Preparing for Productive Online Lessons
During the Covid-19 pandemic, many music lessons have moved online. It’s wonderful to be able to continue our lessons, which would have been impossible a decade or two ago! But even with technology that allows us to have real-time video lessons, online lessons bring a different set of challenges than those we encounter in person. So what can a parent do to help their student prepare for great lessons?
Give your student adequate warning to prepare physically and mentally for their lesson. In normal times, most of us have a commute to the lesson, which helps the students get into the frame of mind for their lesson. While it’s tempting to work on something else until the very minute that we need to sign on for the lesson, remember that your students need time to transition from their previous activity to their lesson time. My kids need time to detach from their previous activity and get into the violin mindset, a snack, and time to use the bathroom and wash hands before the lesson, so our pre-lesson ritual is almost as long as our commute to lessons used to be.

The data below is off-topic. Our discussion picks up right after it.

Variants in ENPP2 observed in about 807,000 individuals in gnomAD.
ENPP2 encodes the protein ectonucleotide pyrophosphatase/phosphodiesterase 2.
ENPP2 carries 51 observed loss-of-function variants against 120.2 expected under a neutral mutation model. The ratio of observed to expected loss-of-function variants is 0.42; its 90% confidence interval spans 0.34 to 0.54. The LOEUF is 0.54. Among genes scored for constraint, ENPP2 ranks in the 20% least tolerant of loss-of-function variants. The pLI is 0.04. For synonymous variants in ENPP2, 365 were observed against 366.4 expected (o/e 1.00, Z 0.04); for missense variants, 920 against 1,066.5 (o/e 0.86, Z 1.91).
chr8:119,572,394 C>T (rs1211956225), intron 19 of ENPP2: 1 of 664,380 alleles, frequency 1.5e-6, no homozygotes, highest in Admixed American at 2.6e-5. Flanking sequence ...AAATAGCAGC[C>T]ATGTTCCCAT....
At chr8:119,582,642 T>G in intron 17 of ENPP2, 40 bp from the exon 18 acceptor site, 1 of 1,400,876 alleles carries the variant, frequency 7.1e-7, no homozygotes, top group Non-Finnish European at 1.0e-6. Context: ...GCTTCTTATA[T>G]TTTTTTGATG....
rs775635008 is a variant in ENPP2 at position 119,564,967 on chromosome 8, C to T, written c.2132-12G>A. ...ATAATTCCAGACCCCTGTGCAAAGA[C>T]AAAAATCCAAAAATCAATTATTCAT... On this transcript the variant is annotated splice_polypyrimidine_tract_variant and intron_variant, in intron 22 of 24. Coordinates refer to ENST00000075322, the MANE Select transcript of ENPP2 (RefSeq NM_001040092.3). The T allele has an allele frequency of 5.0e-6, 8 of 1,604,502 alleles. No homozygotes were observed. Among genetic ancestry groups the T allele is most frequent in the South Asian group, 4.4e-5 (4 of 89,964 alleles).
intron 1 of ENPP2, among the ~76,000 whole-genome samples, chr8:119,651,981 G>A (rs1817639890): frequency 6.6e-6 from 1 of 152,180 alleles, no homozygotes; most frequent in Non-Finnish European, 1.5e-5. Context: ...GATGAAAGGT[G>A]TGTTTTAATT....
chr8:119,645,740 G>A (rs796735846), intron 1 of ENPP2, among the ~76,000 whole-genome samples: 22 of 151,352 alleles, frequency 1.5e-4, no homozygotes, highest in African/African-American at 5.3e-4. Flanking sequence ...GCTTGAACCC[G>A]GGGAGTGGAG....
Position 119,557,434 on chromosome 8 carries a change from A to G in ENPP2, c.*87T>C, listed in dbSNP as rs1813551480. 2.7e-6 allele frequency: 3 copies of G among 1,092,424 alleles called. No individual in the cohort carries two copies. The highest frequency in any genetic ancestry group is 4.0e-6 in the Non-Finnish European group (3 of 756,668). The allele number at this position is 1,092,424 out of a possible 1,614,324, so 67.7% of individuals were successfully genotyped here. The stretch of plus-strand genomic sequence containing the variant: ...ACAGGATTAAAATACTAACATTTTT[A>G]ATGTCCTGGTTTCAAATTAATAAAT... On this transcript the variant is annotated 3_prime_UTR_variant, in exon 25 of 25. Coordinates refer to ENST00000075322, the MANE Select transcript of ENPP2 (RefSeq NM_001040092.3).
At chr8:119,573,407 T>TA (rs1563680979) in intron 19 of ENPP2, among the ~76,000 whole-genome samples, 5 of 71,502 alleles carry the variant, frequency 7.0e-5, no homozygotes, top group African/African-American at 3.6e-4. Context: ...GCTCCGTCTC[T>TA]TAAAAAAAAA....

Prepare the violin before the lesson. This seems so basic, but you wouldn’t believe the amount of lesson time that I end up spending on tuning instruments. Make sure that the instrument is in tune, the bow has rosin, and that you’ve gathered all the necessary books and materials.
Prepare the lesson space. Eliminate distractions from the lesson and practice space. Make sure the music stand is set up and that the teacher can see the student from a good angle. I like my students to position their webcam just above eye level if possible, with their music stand just to the left of their screen, showing the student from the waist-up, so that I can observe their violin position and see both hands.
Practice open communication with the teacher. Even the most observant teacher feels limited in what we can pick up over a screen. We may miss some of the nonverbal communication that we rely on in person, such as body language, subtle facial expressions, etc. Please keep your communication open with the teacher so that we know how the student is feeling and how the practice week has gone for them. A pandemic brings a lot of stresses to parents and students alike, and these emotions and pressures can affect interactions during the lesson. Sometimes a struggle during the lesson is about the violin and sometimes it’s not. Let us know what’s going on and how we can help.
Encourage the child! Practice noticing the good things that you see and sharing those observations with your student and their teacher. You student wants to know that you see their hard work and the positive things they’re doing, not just reminding them of mistakes! Find a way to be on the same team as the student and celebrate their progress.
All prepared for a great lesson? Check out the next post: "7 Ways to Get the Most Benefit from Online Lessons"